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"I suppose you'd better come in."
Laura McKay had a feeling that sounded ungracious. She tried to make amends by forcing a smile as she stood back to let the uniformed firefighter step into the foyer of her brick townhouse.
The man glanced through the archway to the bare, dusty area she hoped would eventually be a ground-floor shop. Searching for something to find unsafe, no doubt.
"Sorry to bother you." He consulted the clipboard he carried. "Ms. McKay, is it? I'm Ryan Flanagan, from the Suffolk Fire Department."
He didn't recognize her, then. Funny, because she'd known Ryan Flanagan from the moment she opened the door.
Ryan hadn't changed all that much from the tall, handsome football hero he'd been in high school. One of the popular Flanagan brothers, with those deep blue eyes and that cleft in his strong chin, he'd had every girl at Suffolk High School longing to be the recipient of one of his teasing smiles, including her.
Well, that was a long time ago. It didn't matter that he hadn't remembered the shy underclassman who had admired him from afar.
"I don't understand why you're here." She glanced up the stairs of the three-story townhouse, longing to get back to the work she'd set herself for the day. "I have all the necessary permits for the renovation, and the building has already been inspected by your department."
He shrugged, smiling. The smile was, unfortunately, just as devastating as it had been in high school.
"Just one of those necessary things, I'm afraid. Someone called the department with a complaint, so we're obligated to check it out."
"Someone complained about me?" That jerked her mind away from the wallpaper she'd been removing. "Who?"
"Anonymous." He shrugged again. "It happens. If you'll just let me take a walk-through and check things out, I'll get out of your hair."
He glanced at her head as he spoke, and she put up her hand to discover that the bandanna she'd tied on to protect her wiry mane was thoroughly covered with plaster dust. She swatted at it uselessly and then pulled the thing off. What difference did it make what she looked like, anyway? The important thing was to get back to work.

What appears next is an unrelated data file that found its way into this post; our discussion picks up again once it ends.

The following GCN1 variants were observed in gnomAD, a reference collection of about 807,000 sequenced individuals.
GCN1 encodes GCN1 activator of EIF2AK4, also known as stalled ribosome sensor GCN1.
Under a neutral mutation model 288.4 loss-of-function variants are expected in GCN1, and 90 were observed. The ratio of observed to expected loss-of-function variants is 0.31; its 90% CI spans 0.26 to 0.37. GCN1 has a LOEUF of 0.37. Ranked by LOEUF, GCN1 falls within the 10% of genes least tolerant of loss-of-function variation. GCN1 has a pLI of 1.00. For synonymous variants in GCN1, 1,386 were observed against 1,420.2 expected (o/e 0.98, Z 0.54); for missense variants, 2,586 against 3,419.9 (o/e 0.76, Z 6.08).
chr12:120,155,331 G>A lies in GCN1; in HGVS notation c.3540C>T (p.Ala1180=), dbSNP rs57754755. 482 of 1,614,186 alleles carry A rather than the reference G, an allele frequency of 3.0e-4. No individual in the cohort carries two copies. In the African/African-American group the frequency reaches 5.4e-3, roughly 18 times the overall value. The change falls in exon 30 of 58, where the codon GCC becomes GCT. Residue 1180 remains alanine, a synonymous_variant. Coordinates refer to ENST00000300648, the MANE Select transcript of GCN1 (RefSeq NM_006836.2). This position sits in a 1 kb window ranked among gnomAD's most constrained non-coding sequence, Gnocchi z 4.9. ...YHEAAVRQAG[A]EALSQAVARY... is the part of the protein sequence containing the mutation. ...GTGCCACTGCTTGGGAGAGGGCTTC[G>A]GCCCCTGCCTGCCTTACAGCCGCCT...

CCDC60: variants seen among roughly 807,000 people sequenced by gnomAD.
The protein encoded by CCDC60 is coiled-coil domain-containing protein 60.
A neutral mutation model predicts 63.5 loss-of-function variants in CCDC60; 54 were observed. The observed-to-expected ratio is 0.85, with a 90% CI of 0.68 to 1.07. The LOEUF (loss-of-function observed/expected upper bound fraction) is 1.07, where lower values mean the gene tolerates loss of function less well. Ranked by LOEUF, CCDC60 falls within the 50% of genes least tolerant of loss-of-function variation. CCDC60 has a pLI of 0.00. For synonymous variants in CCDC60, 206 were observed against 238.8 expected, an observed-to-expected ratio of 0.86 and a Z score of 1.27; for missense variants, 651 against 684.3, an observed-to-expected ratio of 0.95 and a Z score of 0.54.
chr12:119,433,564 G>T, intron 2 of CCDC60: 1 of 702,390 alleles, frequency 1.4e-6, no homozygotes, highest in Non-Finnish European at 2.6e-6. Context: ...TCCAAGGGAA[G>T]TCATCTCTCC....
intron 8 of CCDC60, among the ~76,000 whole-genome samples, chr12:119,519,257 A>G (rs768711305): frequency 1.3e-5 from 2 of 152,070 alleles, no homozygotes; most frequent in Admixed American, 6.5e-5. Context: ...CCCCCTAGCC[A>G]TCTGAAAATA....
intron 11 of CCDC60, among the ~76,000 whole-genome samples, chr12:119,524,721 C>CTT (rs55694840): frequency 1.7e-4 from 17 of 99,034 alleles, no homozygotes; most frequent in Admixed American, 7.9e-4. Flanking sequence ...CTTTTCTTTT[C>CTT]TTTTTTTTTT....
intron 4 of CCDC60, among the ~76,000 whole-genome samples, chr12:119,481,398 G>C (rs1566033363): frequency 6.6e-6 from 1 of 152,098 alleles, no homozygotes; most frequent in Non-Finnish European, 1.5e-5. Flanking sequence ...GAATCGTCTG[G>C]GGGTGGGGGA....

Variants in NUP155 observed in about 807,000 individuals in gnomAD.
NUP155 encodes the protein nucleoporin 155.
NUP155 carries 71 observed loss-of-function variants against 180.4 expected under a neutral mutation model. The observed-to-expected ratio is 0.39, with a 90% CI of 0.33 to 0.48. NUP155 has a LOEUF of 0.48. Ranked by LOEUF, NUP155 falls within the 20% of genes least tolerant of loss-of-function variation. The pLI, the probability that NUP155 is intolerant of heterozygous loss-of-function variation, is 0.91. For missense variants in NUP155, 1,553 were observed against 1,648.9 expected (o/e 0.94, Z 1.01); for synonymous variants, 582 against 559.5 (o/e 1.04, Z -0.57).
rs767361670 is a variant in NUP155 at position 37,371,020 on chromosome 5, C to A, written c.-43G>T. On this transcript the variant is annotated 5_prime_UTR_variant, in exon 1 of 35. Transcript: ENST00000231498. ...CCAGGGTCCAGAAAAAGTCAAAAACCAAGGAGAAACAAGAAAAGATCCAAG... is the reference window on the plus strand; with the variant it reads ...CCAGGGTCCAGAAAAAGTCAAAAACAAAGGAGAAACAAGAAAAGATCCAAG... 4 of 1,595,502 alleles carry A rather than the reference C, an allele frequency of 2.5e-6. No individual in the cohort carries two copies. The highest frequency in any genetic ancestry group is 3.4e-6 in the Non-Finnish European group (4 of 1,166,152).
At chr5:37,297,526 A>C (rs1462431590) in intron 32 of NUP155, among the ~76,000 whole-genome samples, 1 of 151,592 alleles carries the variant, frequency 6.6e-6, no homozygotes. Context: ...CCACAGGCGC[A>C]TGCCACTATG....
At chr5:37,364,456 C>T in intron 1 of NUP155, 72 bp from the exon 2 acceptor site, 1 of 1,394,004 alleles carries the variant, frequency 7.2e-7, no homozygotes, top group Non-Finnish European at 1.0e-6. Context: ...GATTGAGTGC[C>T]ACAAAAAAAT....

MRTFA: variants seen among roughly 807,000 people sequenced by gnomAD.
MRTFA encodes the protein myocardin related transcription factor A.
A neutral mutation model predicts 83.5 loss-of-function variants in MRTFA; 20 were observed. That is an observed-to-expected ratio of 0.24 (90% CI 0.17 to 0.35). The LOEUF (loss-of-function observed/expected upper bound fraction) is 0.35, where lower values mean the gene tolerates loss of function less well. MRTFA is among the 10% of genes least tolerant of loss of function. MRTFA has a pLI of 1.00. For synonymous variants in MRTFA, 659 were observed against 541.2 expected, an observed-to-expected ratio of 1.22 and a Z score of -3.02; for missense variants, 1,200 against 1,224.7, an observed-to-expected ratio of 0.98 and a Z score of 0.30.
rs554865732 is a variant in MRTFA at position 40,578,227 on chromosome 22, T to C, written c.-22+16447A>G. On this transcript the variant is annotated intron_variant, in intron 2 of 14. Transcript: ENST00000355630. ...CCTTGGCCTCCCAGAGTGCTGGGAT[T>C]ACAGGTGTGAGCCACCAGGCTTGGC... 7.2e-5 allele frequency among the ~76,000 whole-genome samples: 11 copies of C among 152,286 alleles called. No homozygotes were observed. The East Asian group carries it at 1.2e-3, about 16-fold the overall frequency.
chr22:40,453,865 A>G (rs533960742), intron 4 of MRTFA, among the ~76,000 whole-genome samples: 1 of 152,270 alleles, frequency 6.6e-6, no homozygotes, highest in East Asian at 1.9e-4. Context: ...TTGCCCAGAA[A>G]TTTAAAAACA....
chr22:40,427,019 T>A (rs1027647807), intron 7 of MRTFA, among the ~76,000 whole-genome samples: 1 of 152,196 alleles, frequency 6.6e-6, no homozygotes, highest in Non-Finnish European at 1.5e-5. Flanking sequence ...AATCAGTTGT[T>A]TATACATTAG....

Her nerves tightened in a way that had become too familiar lately. Time was running out, and she had to finish the job. If not- Well, if not didn't bear thinking about.
So the sooner she got rid of Ryan Flanagan, the better. She waved a hand toward the staircase. "We may as well begin at the top. That's where I've been working today."
She started up the wooden stairwell, not touching the gritty railing. The wood was mahogany under all that dirt, and eventually it would shine. The whole place would.
His footsteps sounded behind her. "You're actually rehabbing this place yourself?"
"What's wrong with that?" She sounded tart, she supposed, but she'd heard that incredulous tone from enough people since she'd started this job.
"Nothing, I guess. But this place has been deteriorating for so long I figured eventually it would be torn down. Or fall down."
Laura touched the intricate molding she'd uncovered when she renovated the second floor landing. She loved the smooth, aged feel of it under her fingers, loved knowing she'd uncovered its beauty.
"You'd be surprised. The place has been standing since 1810, and they built to last then."
The three-story brick townhouse on the edge of Suffolk's historic district might look decrepit, but she wasn't giving up on it. It had the potential to be a showpiece. Besides, it was all she and her daughter had between them and an uncertain future.
She glanced toward the apartment door as they passed it. She'd fixed the apartment up first, so she and Mandy would have a decent place to live. Mandy was occupied right now with a new coloring book, and she wouldn't hear them.
Her heart cramped. No, Mandy wouldn't hear them.
They emerged into the open space at the top of the stairs. Ryan looked around doubtfully, and she understood what he was seeing.
The top floor looked like barren, dusty wreck. Shreds of faded floral wallpaper clung to old horsehair plaster which had crumbled away to the underlying lath in places. The May sunshine, filtering through high, cracked windows, lit up every flaw.
Ryan touched a dangling strip of wallpaper. "You think you can actually make something livable of this?"
She wasn't used to explaining herself to people, but Ryan, with his uniform and that report sheet on his clipboard, wasn't just anyone. That insignia he wore gave him the right to probe. Tension skittered along her nerves. He could shut her down.
"Yes, I do. Believe it or not, I have a degree in interior design."
His dark eyebrows lifted. "This isn't interior design. It's construction. Or maybe demolition."
"My father was a contractor," she said quickly. "I learned from the best."
He nodded, still looking doubtful, and started around the third floor. Holding her breath, she followed him. She ran a clean work site-her father had always insisted on that. He wouldn't find any junk around to complain about.
Ryan's attention to his inspection gave her ample time to take a look at the man he'd become. The seriousness with which he seemed to take his job was new. The Ryan she remembered had never taken anything seriously, but he'd always seemed able to charm his way out of the trouble his recklessness had gotten him into.